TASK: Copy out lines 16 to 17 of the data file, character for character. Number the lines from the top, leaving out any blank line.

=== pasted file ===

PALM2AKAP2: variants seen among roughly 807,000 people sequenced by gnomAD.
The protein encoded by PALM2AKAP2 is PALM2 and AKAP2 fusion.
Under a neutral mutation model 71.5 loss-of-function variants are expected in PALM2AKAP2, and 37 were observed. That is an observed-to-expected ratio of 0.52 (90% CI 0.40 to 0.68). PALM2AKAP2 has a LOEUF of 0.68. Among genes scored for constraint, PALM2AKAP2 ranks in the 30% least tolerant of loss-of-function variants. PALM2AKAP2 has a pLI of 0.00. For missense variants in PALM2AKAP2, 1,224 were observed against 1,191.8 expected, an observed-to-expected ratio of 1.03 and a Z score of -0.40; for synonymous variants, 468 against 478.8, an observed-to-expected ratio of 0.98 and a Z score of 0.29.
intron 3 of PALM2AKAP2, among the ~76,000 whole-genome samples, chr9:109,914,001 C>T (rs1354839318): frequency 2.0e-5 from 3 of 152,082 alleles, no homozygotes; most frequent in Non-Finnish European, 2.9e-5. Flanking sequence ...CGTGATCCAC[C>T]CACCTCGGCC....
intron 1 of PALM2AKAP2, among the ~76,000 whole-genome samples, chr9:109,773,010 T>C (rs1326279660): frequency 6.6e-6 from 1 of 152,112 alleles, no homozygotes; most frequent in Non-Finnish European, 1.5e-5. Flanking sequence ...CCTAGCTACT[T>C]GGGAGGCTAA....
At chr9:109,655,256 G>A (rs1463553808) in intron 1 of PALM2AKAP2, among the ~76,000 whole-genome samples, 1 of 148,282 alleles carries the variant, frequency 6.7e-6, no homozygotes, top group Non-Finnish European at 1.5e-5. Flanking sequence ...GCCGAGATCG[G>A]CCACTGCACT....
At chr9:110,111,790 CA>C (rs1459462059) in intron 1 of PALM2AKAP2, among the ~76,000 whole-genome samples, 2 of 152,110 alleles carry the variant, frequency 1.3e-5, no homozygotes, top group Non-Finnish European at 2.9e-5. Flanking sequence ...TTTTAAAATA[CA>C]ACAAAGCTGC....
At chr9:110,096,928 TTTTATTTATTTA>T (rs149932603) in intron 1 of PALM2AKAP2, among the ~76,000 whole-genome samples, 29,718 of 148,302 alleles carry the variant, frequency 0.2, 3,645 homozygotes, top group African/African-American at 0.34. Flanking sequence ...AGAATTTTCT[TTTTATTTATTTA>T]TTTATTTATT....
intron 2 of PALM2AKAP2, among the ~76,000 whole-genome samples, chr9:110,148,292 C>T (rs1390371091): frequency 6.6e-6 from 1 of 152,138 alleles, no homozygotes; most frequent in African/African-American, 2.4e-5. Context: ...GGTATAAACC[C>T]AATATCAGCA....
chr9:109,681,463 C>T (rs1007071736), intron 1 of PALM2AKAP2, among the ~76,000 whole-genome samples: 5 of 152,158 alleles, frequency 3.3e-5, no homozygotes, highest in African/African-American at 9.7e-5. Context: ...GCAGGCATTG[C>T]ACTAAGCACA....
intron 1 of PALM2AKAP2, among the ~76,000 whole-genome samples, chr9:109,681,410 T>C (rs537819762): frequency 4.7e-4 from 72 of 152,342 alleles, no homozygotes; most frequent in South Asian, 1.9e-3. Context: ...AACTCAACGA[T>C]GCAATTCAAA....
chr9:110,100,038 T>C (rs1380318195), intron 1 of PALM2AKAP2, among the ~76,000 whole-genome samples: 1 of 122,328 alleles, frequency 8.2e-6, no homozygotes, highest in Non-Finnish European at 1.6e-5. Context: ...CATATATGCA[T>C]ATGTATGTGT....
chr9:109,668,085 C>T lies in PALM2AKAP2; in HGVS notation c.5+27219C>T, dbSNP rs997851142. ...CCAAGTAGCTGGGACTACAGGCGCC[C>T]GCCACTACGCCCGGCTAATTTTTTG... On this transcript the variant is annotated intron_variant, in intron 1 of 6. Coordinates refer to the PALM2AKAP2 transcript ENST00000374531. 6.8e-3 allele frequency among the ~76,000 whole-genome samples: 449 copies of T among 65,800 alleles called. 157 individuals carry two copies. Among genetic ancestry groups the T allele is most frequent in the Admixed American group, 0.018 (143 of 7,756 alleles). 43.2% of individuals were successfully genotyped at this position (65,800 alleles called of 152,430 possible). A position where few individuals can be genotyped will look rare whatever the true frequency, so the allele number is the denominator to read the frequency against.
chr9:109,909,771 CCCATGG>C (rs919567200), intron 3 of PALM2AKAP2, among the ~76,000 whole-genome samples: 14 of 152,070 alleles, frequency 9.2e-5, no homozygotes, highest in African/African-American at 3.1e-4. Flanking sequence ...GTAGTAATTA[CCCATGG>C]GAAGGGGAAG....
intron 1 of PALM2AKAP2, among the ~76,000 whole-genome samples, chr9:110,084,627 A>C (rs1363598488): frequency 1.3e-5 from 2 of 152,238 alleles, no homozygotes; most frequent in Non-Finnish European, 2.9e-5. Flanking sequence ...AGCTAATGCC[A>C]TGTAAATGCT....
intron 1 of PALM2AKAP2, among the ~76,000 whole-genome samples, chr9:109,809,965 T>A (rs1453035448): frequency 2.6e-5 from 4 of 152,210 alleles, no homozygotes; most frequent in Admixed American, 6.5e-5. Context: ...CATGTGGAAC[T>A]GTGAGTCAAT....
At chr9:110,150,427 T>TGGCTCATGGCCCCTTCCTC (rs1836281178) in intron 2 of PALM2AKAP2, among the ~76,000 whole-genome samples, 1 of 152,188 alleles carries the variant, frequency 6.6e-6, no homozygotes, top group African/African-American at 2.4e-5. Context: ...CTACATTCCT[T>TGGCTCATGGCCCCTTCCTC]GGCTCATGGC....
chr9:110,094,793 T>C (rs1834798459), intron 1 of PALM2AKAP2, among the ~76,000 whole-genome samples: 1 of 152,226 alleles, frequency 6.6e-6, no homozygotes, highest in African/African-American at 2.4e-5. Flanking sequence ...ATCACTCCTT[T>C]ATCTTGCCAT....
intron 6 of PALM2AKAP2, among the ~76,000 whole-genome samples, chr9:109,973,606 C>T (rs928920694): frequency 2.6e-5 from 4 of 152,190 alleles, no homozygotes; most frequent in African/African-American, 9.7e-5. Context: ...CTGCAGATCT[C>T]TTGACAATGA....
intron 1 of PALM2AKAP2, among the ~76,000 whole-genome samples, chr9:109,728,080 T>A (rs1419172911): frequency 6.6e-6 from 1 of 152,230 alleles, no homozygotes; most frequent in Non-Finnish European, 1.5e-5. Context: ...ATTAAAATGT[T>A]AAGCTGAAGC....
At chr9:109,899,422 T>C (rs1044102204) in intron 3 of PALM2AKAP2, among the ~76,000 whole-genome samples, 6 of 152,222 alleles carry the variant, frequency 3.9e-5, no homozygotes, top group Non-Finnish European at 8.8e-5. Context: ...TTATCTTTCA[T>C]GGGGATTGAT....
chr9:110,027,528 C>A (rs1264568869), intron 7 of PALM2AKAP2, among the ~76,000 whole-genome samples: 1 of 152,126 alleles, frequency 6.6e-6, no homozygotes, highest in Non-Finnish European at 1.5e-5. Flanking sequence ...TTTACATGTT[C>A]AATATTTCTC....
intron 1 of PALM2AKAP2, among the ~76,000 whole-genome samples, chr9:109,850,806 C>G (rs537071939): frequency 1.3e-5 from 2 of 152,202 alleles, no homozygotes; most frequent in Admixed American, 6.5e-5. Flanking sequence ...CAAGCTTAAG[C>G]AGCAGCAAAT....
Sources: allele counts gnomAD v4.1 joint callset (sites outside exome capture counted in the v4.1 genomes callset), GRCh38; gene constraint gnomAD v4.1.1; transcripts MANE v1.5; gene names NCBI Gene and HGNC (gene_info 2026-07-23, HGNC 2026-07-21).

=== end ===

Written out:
intron 1 of PALM2AKAP2, among the ~76,000 whole-genome samples, chr9:109,809,965 T>A (rs1453035448): frequency 2.6e-5 from 4 of 152,210 alleles, no homozygotes; most frequent in Admixed American, 6.5e-5. Context: ...CATGTGGAAC[T>A]GTGAGTCAAT....
At chr9:110,150,427 T>TGGCTCATGGCCCCTTCCTC (rs1836281178) in intron 2 of PALM2AKAP2, among the ~76,000 whole-genome samples, 1 of 152,188 alleles carries the variant, frequency 6.6e-6, no homozygotes, top group African/African-American at 2.4e-5. Context: ...CTACATTCCT[T>TGGCTCATGGCCCCTTCCTC]GGCTCATGGC....